The neck—or cervical spine—is a coordinated network of nerves, bones, joints, and muscles directed by the brain and the spinal cord. It is designed for strength, stability, and nerve communication.
Commonly, there are a number of problems that cause pain in the neck. Additionally, irritation along the nerve pathways can cause pain into the shoulder, head, arm, and hand. Irritation of the spinal cord can cause pain into the legs and other areas below the neck.
Most instances of neck pain will go away within a few days or weeks, but pain that persists for months could signal an underlying medical cause that needs to be addressed—in some instances early intervention may be necessary for the best results.
Neck Pain Range of Symptoms
Neck pain can feel like any of the following:
- Stiff neck that makes turning the head difficult
- Sharp or stabbing pain in one spot
- Soreness or tenderness in a general area
- Pain that radiates down into the shoulders, arms, or fingers; or radiates up into the head
In some cases, other symptoms associated with the neck pain are even more problematic, such as:
- Tingling, numbness, or weakness that radiates into the shoulder, arms, or fingers
- Trouble with gripping or lifting objects
- Problems with walking, balance, or coordination
- Loss of bladder or bowel control
Neck pain might be minor and easily ignored, or it can be excruciating to the point where it interferes with important daily activities, such as sleep. The pain might be short-lived, come and go, or become constant. While not common, neck pain can also be a signal of a serious underlying medical issue, such as meningitis, or cancer.
The Cervical Spine and What Can Go Wrong
The neck, or cervical spine, has the important job of providing support and mobility for the head, which can weigh about 11 pounds—the approximate weight of a medium bowling ball.
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The cervical spine begins at the base of the skull and through a series of seven vertebral segments, named C1 though C7, connects to the thoracic, or chest, region of the spine, at the C7-T1 level.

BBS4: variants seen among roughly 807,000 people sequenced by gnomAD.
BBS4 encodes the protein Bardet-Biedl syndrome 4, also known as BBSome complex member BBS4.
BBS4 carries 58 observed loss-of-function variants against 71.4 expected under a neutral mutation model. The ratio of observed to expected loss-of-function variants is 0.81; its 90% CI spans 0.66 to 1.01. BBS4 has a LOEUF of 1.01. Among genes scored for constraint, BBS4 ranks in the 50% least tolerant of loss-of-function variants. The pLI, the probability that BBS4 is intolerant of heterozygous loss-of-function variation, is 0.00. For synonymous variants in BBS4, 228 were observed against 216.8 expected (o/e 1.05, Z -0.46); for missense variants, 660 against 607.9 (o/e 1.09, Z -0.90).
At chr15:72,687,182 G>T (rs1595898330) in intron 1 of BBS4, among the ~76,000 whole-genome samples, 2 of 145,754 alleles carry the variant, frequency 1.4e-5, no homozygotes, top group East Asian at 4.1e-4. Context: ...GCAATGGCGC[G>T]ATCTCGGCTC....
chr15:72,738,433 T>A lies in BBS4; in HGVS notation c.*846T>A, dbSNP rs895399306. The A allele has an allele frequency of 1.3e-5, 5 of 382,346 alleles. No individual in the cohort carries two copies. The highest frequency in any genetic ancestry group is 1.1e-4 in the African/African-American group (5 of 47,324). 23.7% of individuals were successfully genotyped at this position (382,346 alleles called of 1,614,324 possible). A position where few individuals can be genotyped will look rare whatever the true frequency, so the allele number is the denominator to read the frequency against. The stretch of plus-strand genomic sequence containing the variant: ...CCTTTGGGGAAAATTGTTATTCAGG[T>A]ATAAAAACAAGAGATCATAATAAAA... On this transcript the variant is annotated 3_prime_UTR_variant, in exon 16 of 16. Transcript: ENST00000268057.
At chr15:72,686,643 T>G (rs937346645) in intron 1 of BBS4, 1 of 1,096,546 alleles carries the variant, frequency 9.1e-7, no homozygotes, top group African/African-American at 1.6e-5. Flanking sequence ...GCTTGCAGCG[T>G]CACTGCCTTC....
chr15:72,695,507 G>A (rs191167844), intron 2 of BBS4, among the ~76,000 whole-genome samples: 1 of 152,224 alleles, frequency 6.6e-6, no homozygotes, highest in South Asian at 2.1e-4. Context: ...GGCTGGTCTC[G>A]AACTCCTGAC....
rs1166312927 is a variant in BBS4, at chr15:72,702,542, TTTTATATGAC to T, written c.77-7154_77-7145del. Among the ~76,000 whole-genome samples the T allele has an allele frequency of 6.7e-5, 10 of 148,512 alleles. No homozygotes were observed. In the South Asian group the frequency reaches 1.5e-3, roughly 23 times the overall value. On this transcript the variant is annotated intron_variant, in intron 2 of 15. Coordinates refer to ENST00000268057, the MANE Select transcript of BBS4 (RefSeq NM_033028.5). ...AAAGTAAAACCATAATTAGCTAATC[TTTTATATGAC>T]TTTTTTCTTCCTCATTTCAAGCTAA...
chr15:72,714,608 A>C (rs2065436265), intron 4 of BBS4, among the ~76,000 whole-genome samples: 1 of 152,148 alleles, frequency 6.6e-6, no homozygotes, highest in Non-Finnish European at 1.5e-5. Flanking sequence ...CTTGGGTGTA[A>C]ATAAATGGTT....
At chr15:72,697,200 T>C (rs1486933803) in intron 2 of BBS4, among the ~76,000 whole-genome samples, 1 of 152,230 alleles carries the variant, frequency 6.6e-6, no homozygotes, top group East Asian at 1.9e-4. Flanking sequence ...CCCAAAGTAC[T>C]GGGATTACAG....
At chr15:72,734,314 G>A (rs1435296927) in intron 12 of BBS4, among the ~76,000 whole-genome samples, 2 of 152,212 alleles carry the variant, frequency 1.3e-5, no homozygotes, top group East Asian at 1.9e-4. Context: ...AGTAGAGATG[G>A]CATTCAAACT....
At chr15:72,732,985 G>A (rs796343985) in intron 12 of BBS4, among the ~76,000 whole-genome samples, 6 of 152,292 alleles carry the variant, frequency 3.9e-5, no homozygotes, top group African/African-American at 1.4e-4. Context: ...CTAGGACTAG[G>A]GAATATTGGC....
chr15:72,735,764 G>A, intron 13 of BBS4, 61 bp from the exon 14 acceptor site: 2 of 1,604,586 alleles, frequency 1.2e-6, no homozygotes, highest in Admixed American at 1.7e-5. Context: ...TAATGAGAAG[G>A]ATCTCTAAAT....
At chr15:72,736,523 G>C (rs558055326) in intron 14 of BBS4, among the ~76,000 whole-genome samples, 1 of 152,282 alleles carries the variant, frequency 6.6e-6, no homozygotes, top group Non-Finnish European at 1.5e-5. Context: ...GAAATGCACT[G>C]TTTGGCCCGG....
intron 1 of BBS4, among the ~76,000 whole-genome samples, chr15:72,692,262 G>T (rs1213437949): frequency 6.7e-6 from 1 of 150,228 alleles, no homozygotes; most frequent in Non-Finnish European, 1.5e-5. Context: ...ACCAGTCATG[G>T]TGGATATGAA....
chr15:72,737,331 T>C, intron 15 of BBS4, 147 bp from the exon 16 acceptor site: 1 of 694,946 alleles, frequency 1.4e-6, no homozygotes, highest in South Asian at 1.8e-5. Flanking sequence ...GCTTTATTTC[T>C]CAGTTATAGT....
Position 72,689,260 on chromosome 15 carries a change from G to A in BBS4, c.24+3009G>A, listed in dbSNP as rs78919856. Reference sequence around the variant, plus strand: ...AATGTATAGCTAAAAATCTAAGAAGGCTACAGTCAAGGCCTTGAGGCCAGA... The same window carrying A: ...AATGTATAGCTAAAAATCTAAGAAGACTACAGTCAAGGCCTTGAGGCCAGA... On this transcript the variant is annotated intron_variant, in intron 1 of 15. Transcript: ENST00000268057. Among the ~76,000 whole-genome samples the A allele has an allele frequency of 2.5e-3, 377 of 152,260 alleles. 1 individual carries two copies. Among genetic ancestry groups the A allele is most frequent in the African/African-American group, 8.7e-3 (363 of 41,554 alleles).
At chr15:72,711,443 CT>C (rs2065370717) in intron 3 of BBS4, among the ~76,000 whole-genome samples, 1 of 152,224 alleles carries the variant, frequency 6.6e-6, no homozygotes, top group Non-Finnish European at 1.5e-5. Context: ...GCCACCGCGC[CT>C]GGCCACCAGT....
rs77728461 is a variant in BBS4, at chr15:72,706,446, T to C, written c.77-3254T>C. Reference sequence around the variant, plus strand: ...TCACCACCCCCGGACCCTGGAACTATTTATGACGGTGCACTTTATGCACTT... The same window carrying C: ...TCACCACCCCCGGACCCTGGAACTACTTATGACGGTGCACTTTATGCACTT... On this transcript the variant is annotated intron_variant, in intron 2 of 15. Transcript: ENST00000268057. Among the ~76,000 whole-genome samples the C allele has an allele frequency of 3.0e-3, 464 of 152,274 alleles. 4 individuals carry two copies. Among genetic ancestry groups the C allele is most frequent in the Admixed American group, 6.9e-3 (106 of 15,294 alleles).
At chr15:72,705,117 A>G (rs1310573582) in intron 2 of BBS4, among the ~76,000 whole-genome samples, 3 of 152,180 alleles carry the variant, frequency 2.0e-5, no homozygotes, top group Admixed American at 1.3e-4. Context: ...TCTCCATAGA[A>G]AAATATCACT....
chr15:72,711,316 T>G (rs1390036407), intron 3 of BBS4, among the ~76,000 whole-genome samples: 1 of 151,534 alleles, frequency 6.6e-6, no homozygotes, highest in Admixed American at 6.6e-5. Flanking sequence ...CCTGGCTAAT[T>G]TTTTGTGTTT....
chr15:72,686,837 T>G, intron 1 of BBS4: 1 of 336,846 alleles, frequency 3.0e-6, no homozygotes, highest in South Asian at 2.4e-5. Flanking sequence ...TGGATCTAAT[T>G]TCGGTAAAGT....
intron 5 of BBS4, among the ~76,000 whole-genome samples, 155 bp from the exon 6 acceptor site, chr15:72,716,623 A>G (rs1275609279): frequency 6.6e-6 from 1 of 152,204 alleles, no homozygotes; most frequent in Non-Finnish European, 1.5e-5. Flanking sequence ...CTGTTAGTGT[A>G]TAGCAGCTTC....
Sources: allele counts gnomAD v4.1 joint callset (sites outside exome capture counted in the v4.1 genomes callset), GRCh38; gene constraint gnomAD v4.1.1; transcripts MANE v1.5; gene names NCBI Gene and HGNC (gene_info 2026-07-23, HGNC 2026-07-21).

With the exception of the top level of the cervical spine, which primarily provides rotation for the skull, most levels of the cervical spine can be described as follows:
- A pair of facet joints connect two vertebrae, enabling forward, backward, and twisting motions
- In between the vertebrae is a disc, which provides cushioning, spacing, and coordination
- Nerve roots extend from the spinal cord and exit through the neural foramina (holes in the bones) located on the left and right sides of the spine
Most problems with the cervical spine develop over time, but they can also be caused or accelerated by an injury.
Various problems in the cervical spine can compress a nerve root or the spinal cord and cause neck pain and/or neurological (pinched nerve) symptoms. A few examples would be if a disc degenerated and pushed into a nerve, or similarly if bone spurs grew on facet joints to the point that they encroached on a nerve.
The Course of Neck Pain
Neck pain is common among adults, but it can occur at any age. In the course of a year, about 15% of US adults have neck pain that lasts at least one full day.1
Neck pain can develop suddenly, such as from an injury, or it may develop slowly over time, such as from years of poor posture or wear and tear.
The pain can usually be alleviated with self-care, such as rest, icing the area, or improving posture. But sometimes nonsurgical medical treatments are needed, such as medication or physical therapy. If nonsurgical treatments are not helping, surgical options may be considered.
A doctor should be consulted if pain persists or continues to interfere with routine activities, such as sleeping through the night.
When Neck Pain Is Serious
Some symptoms associated with neck pain could indicate the health of a nerve root or the spinal cord is at risk, or perhaps there is an underlying disease or infection. These symptoms can include radiating pain, tingling, numbness, or weakness into the shoulders, arm, or hands; neurological problems with balance, walking, coordination, or bladder and bowel control; fever or chills; and other troublesome symptoms.
In addition, severe neck pain from a trauma, such as a car crash or falling down steps, needs emergency care. Before transporting a person in that situation, the neck should be immobilized by a trained professional to reduce the risk for paralysis and other complications.